If we are to believe that Singapore is a land of promises where dreams are fulfilled, we should also take into consideration the number of human rights violations committed by its government.
Singapore is believed to have the highest per capita execution rate, relative to its population. It is not known how many prisoners are currently on death row, but the shocking death toll continues to rise.
Official information about the use of the death penalty is shrouded in secrecy. Sone executions, but by no means all, are reported to the press.
In Singapore, we see clearly the absence or moral constraints and the deterrence as well as incapacitation agenda join forces to push up punishment levels beyond what is normally not seen elsewhere.
It is not known how may people the government of Singapore sends to the gallows every year. These people include foreign nationals, many of whom were convicted for drug-related offenses such as becoming an unwitting and unwilling drug mule.
Under the Misuse of Drugs Act of Sinapore, any person found importing, exporting or in possession of more than the prescribed amount of drugs receives the death sentence. The Act to some degree reverses the usual burden of proof in common law jurisdictions. Under the Act, any person found in mere possession is presumed to be trafficking.
The Misuse of Drugs Act contains a series of presumptions which shift the burden of proof from the prosecution to the accused. This conflicts with the universal belief in the right to be presumed innocent until proven guilty.
Further concerns have also been expressed that the Misuse of Drugs Act allows for secret evidence from informers to be used during trials. The use of testimony from an anonymous witness violates the accused’s right to confront or examine the testimony of the witness because he is deprived of the necessary information to challenge the credibility of the witness.
The use of evidence coming from anonymous witnesses may render the whole trial as unfair.
What then would happen to the innocent person found in possession when the anonymous witness turns out to be the real drug trafficker?
It should not come as a surprise when the government of Singapore sees a utilitarian need to do so, it does not hesitate in the creation of broadly defined offenses called “drift-net” crimes. Such example of a “drift-net” crime is drug trafficking where under the Misuse of Drugs Act, trafficking is defined as “to sell, give, administer, transport or deliver.”
Singapore courts have virtually interpreted the words literally. So long that you are in possession or intend to pass possession to someone else, that is trafficking. If the severe punishment is intended for peddlers and distributors of the drug, then mere possession would not be trafficking but would only constitute the crime of possession, a far less serious crime.
In that effect, by punishing the innocent having mere possession of any drug, the government of Singapore is actually allowing the real traffickers to escape conviction and continually resume their heinous activities.
There is virtually no public debate about the death penalty in Singapore. The government has consistently maintained that it is not a human rights issue. We are therefore led to believe that the taking away of a person’s life, though unwittingly and unwillingly used by the original offenders, is by no means a deterrent to the commission of a crime. In effect, we are led to believe that the cost of effective crime prevention is the accidental punishment of a few innocent persons, which concurrently the price must be paid.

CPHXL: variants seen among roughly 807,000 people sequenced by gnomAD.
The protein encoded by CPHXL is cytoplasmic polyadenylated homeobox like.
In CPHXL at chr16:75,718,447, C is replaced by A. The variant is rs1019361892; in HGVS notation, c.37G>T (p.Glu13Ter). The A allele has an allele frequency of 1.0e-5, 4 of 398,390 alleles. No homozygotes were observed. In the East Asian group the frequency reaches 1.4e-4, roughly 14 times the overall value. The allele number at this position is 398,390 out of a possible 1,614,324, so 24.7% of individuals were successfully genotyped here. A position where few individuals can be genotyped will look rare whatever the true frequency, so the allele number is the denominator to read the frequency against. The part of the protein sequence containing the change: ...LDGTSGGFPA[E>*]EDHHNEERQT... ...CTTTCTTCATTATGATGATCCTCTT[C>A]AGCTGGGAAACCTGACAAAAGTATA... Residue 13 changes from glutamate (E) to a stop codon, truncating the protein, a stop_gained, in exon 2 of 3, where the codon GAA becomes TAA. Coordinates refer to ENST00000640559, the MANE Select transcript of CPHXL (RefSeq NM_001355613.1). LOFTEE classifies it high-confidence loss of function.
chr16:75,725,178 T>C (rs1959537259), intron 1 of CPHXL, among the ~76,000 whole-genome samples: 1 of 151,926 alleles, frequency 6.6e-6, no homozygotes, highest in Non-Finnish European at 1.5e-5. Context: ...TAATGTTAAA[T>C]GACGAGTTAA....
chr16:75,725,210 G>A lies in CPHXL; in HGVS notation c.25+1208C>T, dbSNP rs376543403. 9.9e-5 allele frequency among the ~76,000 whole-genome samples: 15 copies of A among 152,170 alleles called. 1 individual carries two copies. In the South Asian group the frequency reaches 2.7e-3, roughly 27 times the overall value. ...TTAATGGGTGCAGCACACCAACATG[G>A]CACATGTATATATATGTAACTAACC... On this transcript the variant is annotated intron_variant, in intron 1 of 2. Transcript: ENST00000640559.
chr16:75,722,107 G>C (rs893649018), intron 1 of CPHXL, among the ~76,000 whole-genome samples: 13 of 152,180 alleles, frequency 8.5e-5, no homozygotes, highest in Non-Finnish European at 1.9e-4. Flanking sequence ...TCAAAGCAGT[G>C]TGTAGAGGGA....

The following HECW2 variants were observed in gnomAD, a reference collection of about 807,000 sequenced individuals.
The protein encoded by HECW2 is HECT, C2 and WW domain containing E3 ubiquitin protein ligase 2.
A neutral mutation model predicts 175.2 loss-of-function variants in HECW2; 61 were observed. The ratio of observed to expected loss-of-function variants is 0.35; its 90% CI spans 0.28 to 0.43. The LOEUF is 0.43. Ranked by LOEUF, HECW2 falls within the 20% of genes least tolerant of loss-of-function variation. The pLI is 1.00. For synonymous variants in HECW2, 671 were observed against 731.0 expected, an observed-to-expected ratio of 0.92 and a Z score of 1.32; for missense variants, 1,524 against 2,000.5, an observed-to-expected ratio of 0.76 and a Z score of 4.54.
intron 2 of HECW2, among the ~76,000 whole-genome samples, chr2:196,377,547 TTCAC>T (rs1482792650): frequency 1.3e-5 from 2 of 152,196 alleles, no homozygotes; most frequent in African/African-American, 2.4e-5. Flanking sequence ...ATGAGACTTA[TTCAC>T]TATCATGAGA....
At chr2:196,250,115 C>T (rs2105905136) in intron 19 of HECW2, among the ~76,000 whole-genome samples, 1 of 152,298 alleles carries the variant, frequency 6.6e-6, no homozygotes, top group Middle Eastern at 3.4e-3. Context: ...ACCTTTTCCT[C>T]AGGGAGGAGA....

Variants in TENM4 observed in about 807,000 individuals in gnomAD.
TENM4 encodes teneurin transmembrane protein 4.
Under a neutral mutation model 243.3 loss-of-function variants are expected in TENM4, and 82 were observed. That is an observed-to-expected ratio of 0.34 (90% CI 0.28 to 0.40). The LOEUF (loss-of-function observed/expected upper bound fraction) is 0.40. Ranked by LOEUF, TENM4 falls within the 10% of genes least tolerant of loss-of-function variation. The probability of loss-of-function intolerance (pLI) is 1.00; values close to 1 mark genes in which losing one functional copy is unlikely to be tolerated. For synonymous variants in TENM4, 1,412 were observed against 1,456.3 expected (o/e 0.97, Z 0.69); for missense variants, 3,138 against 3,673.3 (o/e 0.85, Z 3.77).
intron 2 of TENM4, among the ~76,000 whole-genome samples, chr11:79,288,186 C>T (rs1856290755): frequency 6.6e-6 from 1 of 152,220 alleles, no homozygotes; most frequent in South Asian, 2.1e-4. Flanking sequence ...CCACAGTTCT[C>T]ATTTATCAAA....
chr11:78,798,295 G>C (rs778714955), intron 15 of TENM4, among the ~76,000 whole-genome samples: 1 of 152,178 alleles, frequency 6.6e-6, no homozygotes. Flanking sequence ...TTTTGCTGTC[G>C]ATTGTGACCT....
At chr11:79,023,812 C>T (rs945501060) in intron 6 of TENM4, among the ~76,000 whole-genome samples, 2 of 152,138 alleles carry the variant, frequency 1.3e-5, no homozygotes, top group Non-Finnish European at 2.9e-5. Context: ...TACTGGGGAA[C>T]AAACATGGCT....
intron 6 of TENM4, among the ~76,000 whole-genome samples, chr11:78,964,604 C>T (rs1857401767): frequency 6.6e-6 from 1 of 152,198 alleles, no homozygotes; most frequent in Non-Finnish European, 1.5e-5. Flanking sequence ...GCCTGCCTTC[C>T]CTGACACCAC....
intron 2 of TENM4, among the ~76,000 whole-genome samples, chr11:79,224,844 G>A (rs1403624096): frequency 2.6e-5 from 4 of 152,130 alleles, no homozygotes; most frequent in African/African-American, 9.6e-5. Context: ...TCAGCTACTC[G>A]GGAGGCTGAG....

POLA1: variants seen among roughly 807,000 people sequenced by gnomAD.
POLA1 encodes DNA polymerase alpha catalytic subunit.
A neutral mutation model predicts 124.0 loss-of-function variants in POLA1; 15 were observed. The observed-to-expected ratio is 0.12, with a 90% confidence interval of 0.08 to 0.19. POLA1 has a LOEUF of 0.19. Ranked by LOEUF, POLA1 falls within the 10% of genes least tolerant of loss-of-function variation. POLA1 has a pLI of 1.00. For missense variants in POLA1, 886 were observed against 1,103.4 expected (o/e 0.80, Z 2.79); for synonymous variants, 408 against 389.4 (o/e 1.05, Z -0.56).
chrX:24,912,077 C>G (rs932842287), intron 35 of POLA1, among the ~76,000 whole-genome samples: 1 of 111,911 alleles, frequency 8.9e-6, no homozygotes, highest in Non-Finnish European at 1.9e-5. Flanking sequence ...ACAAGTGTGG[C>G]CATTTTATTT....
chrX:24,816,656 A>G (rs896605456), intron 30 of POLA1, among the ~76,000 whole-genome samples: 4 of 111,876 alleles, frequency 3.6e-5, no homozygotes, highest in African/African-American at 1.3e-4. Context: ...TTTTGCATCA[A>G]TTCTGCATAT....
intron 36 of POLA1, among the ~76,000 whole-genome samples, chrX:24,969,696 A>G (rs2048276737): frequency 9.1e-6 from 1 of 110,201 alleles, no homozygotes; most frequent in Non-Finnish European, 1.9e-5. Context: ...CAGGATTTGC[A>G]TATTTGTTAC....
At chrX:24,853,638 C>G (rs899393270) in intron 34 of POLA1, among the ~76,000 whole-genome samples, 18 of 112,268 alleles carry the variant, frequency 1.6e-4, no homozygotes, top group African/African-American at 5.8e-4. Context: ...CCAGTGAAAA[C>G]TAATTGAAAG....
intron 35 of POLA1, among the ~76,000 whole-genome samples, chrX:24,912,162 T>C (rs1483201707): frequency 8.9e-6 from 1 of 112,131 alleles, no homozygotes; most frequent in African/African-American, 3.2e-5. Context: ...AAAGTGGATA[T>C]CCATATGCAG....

An outspoken value judgment in the official Singapore position is this – even if some innocent person is caught and ensnared, the projected gains in crime prevention nevertheless still outweigh the cost of that eventualit. In effect, it is the better to let 10 guilty persons go free than to convict an innocent one.
The Criminal Law Act is a shocking piece of legislation for it allows the Minister of Home Affairs to detain a person suspected of criminal activity thereby giving no charge, no trial, no sentencing. This in effect is a violation of the right to due process and the right to a fair trial. This is a big contradiction of every individual’s right to a fair trial. Executive detention is, the government feels, an exception of the right to a fair trial.
By imposing death sentences and carrying out high number of executions, Singapore is running counter towards the worldwide trend in the abolition of the death penalty.
The United Nations (UN) and the European Union (EU) has criticized their use of the death penalty.
The government of Singapore has consistently defended its stance by saying that the death penalty is not a human rights issue. So we then are led to believe that the taking away of a person’s life is not by any means an issue related to the Human Rights Council of the United Nations.
The government of Singapore maintains that death penalty is primarily a criminal justice issue and therefore is a question for the sovereign jurisdiction of every nation; the right to life is not the only right..and it is the duty of societies to balance conflicting rights against each other.
We therefore see before us the very essence of perverted implications and absence of moral values.
The criminal justice system of Singapore degrades the person’s rights to life, liberty and the right to a fair trail.
Examine this thought which I impose upon you.
“It is never the real offenders who are caught and punished. The ones who are caught and hanged are often poor, desperate people, who are made use of. By hanging them, we are in effect, helping to perpetuate the plan of the real traffickers. They use people they can afford to lose. If we allow the government of Singapore to continually abuse the right of every Filipino working there, we are allowing the real offenders to get away and the problem will never be solved.”